When creating a presentation, favor images versus words and fewer slides rather than many. Media plans generally contain significant levels of data that are used to justify strategic choices or capture execution detail. But it is a trap to attempt to convey that breadth of detail in a pitch situation.
When presentation slides are too detailed, the presenter risks misdirecting energy. Often presenters feel that all bullet points deserve their due, and may even begin to read from the screen. But if focus is on the screen and not the client, connections can be broken and chemistry lost. More images, fewer words and fewer slides creates an environment where the planner invests more time in personal interaction with the client.
From the perspective of idea generation, there are plenty of things a planner can do in a pitch situation to create impact. Be careful not to get caught up in budget parameters that may be laid down in the pitch; parameters are restrictive and it’s difficult to create powerful ideas when restricted.
Strive to find and present the best possible ideas that meet the client’s needs. Demonstrate how the planning team can think outside of the box. The plan can always address how to scale an idea to fit within budget parameters. It is also possible that the client may have more funds than conveyed or provided an artificial number for the process.
Another idea-related best practice is to remember that the pitch is a team effort. Media insights aren’t being generated only to fuel media plans. Share important insights with team members, especially creative counterparts. It is entirely possible that information you provide can lead to powerful creative ideas.
Also, don’t discount the possibility of unconventional media forms in a pitch situation. They may be complementary to the core components of the media plan, and they can have great value for the pitch presentation. Members of the creative team may be able to bring transit, door hanger, in-store or pizza-box executions to life in a way that can potently communicate the idea.
Another way to generate powerful pitch ideas lies in communicating with reps. Reps may focus on providing only the information they believe is needed for the pitch. However, giving reps a deeper briefing and asking about other related possibilities may turn up information the planning team didn’t know was available.
What to Expect
Managing expectations about pitches is a very important best practice for planners. There’s quite a bit more to expect than just exposure to senior people.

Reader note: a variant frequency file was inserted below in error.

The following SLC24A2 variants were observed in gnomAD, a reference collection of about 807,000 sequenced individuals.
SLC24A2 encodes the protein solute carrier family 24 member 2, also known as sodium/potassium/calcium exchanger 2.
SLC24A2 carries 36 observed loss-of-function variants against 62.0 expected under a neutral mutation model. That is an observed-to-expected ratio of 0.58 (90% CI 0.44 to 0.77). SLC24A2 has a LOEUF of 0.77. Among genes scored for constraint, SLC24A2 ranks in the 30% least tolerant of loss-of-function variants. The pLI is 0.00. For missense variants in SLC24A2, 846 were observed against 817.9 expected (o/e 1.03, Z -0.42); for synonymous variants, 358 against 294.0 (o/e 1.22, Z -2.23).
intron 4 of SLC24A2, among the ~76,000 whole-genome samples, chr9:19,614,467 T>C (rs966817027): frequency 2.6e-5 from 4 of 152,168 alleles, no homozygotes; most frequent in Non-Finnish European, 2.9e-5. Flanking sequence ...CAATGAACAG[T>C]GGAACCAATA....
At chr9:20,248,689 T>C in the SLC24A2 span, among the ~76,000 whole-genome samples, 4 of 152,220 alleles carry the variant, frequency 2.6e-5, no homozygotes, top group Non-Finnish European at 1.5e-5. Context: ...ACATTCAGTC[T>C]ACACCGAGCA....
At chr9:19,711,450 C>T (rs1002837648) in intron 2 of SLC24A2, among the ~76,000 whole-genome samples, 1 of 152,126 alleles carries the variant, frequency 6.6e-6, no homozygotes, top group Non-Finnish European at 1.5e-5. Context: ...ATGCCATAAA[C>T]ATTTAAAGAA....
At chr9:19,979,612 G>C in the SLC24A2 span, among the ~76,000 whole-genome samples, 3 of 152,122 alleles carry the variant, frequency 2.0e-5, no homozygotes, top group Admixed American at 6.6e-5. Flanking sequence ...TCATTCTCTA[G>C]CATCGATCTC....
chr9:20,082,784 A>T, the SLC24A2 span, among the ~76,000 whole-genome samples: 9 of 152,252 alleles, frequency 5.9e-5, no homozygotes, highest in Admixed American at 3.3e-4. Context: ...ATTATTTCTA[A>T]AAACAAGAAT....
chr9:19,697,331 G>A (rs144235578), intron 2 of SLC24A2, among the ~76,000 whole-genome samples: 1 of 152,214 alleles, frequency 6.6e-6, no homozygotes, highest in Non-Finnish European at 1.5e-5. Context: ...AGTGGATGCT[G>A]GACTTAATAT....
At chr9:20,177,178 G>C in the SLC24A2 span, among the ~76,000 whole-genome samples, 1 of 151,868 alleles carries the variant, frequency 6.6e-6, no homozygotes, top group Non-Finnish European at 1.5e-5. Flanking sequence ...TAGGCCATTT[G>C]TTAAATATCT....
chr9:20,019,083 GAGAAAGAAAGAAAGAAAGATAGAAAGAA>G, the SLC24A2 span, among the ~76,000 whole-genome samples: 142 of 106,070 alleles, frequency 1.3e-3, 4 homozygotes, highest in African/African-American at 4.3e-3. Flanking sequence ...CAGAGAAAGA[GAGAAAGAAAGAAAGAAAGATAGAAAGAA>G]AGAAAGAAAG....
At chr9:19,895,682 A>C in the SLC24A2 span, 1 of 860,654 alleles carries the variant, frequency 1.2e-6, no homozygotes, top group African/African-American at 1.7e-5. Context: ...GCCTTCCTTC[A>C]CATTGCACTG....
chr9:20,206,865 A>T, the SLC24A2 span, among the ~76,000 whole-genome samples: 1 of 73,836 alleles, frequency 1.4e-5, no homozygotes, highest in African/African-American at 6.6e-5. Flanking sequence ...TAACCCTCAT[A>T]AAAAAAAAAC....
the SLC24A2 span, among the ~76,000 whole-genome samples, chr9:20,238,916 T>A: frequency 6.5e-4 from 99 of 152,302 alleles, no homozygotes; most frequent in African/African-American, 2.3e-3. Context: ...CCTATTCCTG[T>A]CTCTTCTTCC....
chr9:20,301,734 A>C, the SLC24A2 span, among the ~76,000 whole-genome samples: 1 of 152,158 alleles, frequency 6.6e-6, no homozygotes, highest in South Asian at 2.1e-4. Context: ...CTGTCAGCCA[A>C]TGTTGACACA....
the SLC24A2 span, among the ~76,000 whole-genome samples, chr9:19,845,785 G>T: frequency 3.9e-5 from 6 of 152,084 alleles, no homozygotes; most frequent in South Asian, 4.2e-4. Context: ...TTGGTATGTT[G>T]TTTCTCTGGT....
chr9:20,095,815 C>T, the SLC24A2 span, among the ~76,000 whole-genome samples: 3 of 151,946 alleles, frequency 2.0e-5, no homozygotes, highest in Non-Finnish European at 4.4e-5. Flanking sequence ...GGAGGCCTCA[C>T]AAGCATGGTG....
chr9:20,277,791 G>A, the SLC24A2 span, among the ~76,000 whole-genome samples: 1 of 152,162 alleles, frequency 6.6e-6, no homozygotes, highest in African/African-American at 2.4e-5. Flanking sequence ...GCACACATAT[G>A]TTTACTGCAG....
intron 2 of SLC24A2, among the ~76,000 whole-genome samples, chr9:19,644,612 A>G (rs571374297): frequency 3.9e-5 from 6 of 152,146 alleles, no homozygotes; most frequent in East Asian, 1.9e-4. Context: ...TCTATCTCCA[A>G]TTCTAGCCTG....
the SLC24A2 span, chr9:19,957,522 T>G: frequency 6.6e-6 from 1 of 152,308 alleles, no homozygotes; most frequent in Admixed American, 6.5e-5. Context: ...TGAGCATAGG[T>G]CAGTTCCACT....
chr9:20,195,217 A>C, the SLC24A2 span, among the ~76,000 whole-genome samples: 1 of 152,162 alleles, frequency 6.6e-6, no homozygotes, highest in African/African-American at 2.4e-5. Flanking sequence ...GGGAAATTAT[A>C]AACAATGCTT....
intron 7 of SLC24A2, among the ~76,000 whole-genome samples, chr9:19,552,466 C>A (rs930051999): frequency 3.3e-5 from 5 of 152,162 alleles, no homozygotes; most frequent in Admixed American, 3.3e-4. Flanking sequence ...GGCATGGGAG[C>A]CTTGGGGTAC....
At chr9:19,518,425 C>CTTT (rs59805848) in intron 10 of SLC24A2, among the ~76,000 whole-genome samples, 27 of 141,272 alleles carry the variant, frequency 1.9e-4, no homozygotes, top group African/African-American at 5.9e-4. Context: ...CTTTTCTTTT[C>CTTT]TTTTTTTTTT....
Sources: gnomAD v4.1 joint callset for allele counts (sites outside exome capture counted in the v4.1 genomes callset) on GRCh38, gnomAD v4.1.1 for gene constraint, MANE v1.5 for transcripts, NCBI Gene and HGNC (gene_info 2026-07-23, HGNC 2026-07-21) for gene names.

For starters, expect long hours. Pitch projects don’t take the place of client assignments; they simply add to the mix. Planners need to know that much of their free time will be devoured during a pitch. They also must be prepared to manage the priorities of the pitch in addition to whatever current business must be addressed. Adept juggling is a useful skill.
Planners also can expect a significant dose of disappointment. Looking forward to that vacation or long holiday weekend? Pitches have an uncanny way of occurring when extra time off was scheduled. During the process, planners also shouldn’t expect personal attention or tutoring; that might not be available until after the pitch is concluded. Tasks need to be completed on tight time frames and all players have their priorities to deal with. Nurturing of a planner might not be possible in the heat of the process.
There is a good chance that as the pitch presentation plays out, the portion devoted to the media plan could end up being last or even cut short. Planners should go into any pitch with an idea of the key points from their portion of the presentation. It is even prudent to consider which presentation slides or pieces are the most key to delivering the media message. In that way, planners will be prepared to impactfully deliver the most important information in the event they get less time than expected.
If new business comes your organization’s way in the coming months, volunteer for the pitch team. The opportunities to learn are worth the time and effort required.
Mark Dominiak is principal strategist of marketing, communication and context for Insight Garden.